Architecture

Detroit development news: Neglect at Penobscot Building, Bedrock officially scales back officially scales back Hudson’s

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Much news has surfaced about developments and buildings in downtown Detroit in the past few days. Unfortunately, most of it is not positive.

Here’s a round-up of what we learned about some of Detroit’s most iconic and working skyscrapers.

Dangerous conditions on the Penobscot

The situation seems dire in one of Detroit’s most popular buildings.

Click On Detroit took photos and videos of the conditions in the Penobscot building and found them to be “messy” and potentially dangerous. Reporters found exposed wires, water dripping from holes in the ceiling, and mold on some of the abandoned floors.

Last September, Penobscot’s tenants complained about faulty elevators. Then, earlier this month, an electric fire broke out in one of the elevators.

To update: Crains Detroit Business reports that the city of Detroit has fined a total of $ 5,015 for offense and disease cards for the unsafe conditions. Attempts are also being made to force the owner of the building, Andreas Apostolopoulos, to take out a consent form and commit to maintaining the property.

Tenants are leaving the poorly managed building in droves. Late last year, Strategic Staffing Solutions, the second-largest tenant of the three-story building, announced the move to the Fisher Building.

Apostolopoulos, who bought the Penobscot in 2012 for $ 5 million, was a controversial figure in Detroit real estate who destroyed or threatened to destroy other buildings in his portfolio. We hope that he will come to his senses and invest in this important building in Detroit.

Rendered by Hudson’s in 2018. Courtesy of Bedrock Detroit

Hudson’s tower won’t be the tallest

Well it’s official. Hudson’s Tower, part of the large Bedrock Detroit development on the site of the former Hudson’s Department Store, won’t be the tallest in the state.

In October 2018, plans for the Hudson’s site included a 912-foot tower with an observation deck that exceeded the height of what is now the state’s tallest skyscraper, the Renaissance Center. But in August last year, Bedrock began pulling back, saying the tower may not be the tallest and there would be no observation deck.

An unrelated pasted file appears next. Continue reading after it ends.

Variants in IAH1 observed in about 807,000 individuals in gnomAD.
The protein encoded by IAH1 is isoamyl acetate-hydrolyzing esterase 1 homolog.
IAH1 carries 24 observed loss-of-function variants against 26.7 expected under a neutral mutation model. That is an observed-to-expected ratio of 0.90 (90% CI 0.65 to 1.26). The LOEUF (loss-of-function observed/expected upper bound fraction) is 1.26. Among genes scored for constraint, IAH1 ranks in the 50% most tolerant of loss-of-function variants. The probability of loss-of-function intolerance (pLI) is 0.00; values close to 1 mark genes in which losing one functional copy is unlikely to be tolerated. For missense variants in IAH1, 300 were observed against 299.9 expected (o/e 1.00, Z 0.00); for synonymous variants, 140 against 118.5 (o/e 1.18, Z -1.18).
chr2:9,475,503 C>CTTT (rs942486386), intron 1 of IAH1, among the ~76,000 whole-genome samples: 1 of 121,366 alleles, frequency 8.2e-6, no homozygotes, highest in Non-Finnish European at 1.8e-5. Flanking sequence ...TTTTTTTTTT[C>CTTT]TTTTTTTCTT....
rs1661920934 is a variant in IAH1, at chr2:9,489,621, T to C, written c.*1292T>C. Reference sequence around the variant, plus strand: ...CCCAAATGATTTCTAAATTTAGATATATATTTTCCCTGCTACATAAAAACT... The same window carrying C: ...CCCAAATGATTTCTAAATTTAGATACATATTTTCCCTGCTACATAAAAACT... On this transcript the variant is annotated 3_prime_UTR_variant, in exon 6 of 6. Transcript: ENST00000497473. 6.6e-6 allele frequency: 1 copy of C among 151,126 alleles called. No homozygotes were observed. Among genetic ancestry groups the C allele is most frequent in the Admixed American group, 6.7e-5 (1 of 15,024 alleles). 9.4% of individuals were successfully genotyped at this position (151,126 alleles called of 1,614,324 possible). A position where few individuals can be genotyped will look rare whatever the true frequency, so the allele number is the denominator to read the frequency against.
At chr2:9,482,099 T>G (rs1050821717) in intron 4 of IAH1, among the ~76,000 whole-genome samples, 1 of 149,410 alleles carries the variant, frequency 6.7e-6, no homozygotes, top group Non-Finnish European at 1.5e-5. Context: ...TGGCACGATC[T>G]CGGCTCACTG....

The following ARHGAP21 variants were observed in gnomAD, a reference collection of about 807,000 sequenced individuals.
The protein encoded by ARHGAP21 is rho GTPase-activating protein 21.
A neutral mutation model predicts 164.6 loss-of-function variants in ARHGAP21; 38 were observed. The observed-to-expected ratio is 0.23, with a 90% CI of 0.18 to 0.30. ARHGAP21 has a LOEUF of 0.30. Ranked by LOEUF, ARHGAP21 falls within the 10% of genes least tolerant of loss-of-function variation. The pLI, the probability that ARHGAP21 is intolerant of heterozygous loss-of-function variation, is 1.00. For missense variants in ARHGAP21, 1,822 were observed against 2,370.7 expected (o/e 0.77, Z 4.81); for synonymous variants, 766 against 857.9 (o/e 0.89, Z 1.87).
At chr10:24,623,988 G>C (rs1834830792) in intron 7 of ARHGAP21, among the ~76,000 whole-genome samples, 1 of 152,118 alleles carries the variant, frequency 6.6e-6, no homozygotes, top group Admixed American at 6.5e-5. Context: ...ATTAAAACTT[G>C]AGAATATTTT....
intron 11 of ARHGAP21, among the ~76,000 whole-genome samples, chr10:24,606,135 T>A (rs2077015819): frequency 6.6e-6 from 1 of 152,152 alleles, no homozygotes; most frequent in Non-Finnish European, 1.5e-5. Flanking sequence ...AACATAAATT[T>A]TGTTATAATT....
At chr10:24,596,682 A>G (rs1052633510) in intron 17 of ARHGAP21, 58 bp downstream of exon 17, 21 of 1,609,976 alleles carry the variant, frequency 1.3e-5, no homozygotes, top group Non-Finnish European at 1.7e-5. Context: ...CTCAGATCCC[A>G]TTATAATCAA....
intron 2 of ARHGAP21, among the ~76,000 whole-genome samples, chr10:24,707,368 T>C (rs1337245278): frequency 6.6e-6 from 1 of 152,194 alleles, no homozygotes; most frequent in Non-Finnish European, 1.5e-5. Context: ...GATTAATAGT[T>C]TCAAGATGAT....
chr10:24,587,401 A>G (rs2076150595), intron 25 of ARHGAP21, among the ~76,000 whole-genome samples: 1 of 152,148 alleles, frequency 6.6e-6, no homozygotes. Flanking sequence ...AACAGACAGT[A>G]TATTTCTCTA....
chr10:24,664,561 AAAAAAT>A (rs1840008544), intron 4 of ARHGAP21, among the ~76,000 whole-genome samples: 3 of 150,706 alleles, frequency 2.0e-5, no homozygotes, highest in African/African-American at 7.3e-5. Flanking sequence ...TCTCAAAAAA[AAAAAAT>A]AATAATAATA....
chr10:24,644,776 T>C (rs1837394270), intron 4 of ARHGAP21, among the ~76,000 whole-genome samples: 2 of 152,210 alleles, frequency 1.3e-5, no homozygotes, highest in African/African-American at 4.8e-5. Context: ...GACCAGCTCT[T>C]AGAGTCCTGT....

At the Detroit Policy Conference yesterday, Bedrock CEO Matt Cullen finally admitted that “it won’t be the highest”.

According to Crains Detroit Business, he added:

I think we came to the conclusion that we wanted an iconic building, that we wanted to have lots of retail and public space features plus a top notch hospitality component and other things, and that the need to be the tallest doesn’t arise our list had the highest priority.

Speaking to Sandy Baruah, CEO of the Detroit Regional Chamber, Cullen also said that the recently announced Detroit Center for Innovation – a major project to be carried out in partnership with the University of Michigan and billionaire developer Stephen Ross – is moving forward in the development pipeline becomes.

However, the Monroe blocks have been delayed since the groundbreaking in late 2018. New designs for the project, which is expected to offer more than 1 million square feet of office, retail and living space in multiple blocks in the downtown area, should be announced in mid-2020.

To update: Crains Detroit Business conducted the first media interview with Dan Gilbert, the owner of Bedrock since suffering a stroke in May last year. While the interview covered a lot of ground, he mentioned that the Hudson’s building was “No. 1 Priority ”and that the final level and programming should be completed by June.

Tall, brick Art Deco skyscraper with a square base that narrows as the height increases.  A number of smaller buildings and a square are in the foreground.

Photo by Michelle Gerard

David Stott renovations completed

In good news, Bedrock completed the renovation of the historic David Stott building in the city center in the summer of 2019. Floors have been slowly opening and renting for over a year, but no major opening has ever been announced.

Read our article on renovations at the Stott to see the full story and photos.

645 Griswold Street, MI 48226

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Dusty Kennedy